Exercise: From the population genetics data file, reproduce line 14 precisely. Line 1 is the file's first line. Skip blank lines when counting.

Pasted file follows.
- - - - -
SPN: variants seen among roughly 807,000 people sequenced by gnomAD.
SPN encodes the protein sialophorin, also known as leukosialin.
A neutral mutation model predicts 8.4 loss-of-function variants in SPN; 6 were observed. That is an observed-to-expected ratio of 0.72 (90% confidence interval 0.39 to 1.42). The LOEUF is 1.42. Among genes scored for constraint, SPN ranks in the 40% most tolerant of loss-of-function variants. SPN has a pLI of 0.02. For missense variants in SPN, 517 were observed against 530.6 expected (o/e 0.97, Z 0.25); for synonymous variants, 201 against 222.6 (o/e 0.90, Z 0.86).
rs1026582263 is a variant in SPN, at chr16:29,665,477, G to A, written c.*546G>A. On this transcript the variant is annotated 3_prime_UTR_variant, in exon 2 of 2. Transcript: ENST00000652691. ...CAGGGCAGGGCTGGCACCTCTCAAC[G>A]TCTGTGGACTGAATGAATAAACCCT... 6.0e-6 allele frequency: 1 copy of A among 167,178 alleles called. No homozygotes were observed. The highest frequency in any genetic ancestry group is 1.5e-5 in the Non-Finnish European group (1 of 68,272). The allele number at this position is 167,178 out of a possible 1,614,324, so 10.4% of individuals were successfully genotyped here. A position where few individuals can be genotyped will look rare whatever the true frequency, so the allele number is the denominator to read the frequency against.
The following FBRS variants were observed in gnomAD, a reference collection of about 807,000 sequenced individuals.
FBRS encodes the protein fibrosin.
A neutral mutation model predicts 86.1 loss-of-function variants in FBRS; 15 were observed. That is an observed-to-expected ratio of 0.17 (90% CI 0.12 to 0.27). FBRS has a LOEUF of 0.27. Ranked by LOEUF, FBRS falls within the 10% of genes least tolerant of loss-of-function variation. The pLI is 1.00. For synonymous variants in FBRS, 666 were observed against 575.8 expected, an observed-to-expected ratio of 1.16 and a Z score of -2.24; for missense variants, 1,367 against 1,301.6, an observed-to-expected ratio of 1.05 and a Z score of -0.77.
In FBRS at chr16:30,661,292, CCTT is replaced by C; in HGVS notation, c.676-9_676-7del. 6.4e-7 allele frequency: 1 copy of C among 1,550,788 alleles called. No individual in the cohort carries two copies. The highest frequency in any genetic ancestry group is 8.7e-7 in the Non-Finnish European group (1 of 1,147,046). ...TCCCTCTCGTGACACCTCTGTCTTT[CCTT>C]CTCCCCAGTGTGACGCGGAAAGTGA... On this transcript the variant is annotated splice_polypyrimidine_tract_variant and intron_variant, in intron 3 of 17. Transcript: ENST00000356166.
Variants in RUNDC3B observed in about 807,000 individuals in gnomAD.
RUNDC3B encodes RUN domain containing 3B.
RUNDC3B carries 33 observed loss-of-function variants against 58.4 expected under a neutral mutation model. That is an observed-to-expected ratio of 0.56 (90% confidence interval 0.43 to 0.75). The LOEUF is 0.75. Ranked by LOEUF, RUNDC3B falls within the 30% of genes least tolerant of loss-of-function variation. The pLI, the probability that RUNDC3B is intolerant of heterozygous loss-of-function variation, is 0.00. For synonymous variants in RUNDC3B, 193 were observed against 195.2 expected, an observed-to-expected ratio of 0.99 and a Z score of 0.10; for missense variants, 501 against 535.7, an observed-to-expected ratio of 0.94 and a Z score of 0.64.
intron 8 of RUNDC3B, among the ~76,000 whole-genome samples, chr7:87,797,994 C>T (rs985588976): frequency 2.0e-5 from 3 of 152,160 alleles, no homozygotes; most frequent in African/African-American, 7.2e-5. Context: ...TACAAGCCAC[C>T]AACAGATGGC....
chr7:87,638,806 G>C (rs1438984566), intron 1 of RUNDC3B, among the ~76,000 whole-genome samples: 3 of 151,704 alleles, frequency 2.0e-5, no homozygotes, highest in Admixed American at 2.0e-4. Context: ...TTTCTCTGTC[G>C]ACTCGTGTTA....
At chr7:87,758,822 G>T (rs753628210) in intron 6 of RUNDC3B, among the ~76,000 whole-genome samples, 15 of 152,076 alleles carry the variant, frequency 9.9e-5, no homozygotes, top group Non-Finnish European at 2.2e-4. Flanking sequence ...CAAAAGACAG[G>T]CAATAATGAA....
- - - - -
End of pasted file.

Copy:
At chr7:87,758,822 G>T (rs753628210) in intron 6 of RUNDC3B, among the ~76,000 whole-genome samples, 15 of 152,076 alleles carry the variant, frequency 9.9e-5, no homozygotes, top group Non-Finnish European at 2.2e-4. Flanking sequence ...CAAAAGACAG[G>T]CAATAATGAA....